In participation with Trenton Works and professors at The College of New Jersey, students recently completed history projects that highlight the history and culture of Trenton, New Jersey. Spanning from the Revolutionary War to the Punk Rock scene of the 1980s and 90s, these students researched in the community to piece together and further engage in Trenton's rich history.

One project in particular struck me with the resonance it holds in today's Trenton area. Delving into the historic jewish presence in Trenton, TCNJ graduate, Michael Cort presents his documentary, The Lost City in honor of the historic district lovingly referred to as, Jewtown. In The Lost City, Cort interviews professors and former residents of Jewtown, unpacking the racial tensions and socioeconomic shifts which led to its disappearance. Cort attributes this shift largely to White Flight and urban renewal projects from the early 1960-1970s. Evidence suggests that the gradual relocation of the Jewish population from the city to the surrounding suburbs also relocated a substantial economic base contributing to many of Trenton's current issues. Commentary by TCNJ professor, Dr. Robert McGreevey, rings particularly true for Trenton, begging a closer evaluation of current and future city renewal plans:

"Critics claimed that urban renewal often translated into ‘negro removal' and certainly that was the case in Trenton... where black communities were defined as "blighted" and among the first to be cleared. This also comes into play with Jewish communities as well..."
"I would understand [urban renewal] as a way for the city to respond to dual pressures of deindustrialization and suburbanization..."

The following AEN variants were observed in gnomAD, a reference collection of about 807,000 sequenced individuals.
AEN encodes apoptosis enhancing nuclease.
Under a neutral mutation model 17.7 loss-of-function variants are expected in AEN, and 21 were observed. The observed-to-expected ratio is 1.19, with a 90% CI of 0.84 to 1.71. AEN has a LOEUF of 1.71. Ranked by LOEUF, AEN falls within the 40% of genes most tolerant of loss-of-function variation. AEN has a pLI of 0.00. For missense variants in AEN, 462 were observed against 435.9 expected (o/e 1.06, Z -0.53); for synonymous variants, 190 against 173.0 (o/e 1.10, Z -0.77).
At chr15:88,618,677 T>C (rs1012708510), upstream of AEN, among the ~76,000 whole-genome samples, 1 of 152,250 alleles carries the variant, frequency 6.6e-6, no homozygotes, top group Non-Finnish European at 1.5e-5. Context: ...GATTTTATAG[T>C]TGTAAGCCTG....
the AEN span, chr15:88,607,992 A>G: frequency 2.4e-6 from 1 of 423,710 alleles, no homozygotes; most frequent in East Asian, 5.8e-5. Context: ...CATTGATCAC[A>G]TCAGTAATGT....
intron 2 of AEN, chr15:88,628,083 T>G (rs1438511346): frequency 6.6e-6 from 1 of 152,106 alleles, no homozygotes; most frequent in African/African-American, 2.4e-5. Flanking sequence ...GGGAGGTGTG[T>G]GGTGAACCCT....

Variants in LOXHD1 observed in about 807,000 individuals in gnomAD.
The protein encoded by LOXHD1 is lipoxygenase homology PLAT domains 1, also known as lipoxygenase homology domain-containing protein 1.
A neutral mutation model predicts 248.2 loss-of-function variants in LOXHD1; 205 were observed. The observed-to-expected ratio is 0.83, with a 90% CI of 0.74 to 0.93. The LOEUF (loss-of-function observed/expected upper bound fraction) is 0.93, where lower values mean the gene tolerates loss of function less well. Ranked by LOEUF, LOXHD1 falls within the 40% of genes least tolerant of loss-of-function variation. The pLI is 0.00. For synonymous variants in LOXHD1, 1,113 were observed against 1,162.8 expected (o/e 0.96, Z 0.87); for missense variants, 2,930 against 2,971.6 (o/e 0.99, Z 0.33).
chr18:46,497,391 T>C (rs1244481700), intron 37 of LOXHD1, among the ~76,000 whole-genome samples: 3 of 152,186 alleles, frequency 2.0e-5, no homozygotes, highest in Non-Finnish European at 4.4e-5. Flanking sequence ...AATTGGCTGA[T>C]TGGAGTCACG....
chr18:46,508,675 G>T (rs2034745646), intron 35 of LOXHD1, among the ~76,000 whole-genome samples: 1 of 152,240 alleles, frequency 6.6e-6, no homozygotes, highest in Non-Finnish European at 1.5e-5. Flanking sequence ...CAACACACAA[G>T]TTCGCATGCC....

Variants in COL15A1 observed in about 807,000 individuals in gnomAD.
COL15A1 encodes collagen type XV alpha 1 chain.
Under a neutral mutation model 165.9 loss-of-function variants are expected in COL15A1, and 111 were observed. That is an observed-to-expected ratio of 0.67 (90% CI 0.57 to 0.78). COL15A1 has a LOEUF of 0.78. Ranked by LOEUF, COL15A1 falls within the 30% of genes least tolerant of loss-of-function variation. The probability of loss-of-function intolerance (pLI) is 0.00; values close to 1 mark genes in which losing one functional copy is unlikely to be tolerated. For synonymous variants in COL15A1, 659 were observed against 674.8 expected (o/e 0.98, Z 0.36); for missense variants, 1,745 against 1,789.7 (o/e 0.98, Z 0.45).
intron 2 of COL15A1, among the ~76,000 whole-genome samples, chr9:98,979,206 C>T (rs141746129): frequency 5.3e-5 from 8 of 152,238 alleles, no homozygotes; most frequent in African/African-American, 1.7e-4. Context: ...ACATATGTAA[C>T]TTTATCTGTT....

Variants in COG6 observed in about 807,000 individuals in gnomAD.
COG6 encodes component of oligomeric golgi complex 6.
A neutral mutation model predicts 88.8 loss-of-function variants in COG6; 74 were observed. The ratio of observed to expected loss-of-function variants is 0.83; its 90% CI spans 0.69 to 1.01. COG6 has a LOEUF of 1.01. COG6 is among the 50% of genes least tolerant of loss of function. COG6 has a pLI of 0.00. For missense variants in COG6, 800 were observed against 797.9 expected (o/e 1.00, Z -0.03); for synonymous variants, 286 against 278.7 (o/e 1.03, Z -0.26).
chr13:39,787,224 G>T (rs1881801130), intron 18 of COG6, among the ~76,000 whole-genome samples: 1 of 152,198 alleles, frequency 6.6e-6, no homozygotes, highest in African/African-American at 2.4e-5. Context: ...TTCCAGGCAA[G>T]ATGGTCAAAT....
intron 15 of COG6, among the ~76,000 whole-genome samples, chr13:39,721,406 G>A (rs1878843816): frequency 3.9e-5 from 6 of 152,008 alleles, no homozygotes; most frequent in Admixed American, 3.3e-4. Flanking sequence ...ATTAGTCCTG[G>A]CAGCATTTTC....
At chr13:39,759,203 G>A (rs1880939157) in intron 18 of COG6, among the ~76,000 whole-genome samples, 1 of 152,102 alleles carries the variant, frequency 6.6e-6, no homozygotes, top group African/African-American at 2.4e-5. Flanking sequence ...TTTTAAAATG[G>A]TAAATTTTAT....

"In retrospect these decisions seem misguided because they are less focused on the community that was already living in the city. Often... urban renewal projects tend to privilege white suburban interests... and yet we're at a moment now where we need to move beyond that and look at the interests of the people living in the city."

Perhaps, we should take some cues from history. Jewtown's dissipation and the adverse effects of 20th century urban renewal projects which capitulated ethnic and cultural communities in favor of remaking the "slums" or "blighted" areas of industrial cities with public and state buildings can be seen as today as part of the vicious cycle of issues facing Trenton today. The fact of the matter is, Trenton is a diverse city with a predominantly African American demographic and a growing hispanic population. Perhaps more could be done to celebrate this aspect of the community and serve their interests rather than stifling it in order to attract a more white-washed crowd.
Of course these issues are multifaceted. These "short-sighted" Urban renewal projects like the ones discussed in The Lost City have many motivations --- money and taxes figuring prominently among them. But if there's one thing I've learned, history has a tendency to repeat itself if the current cycles in place today are not diverted to create change.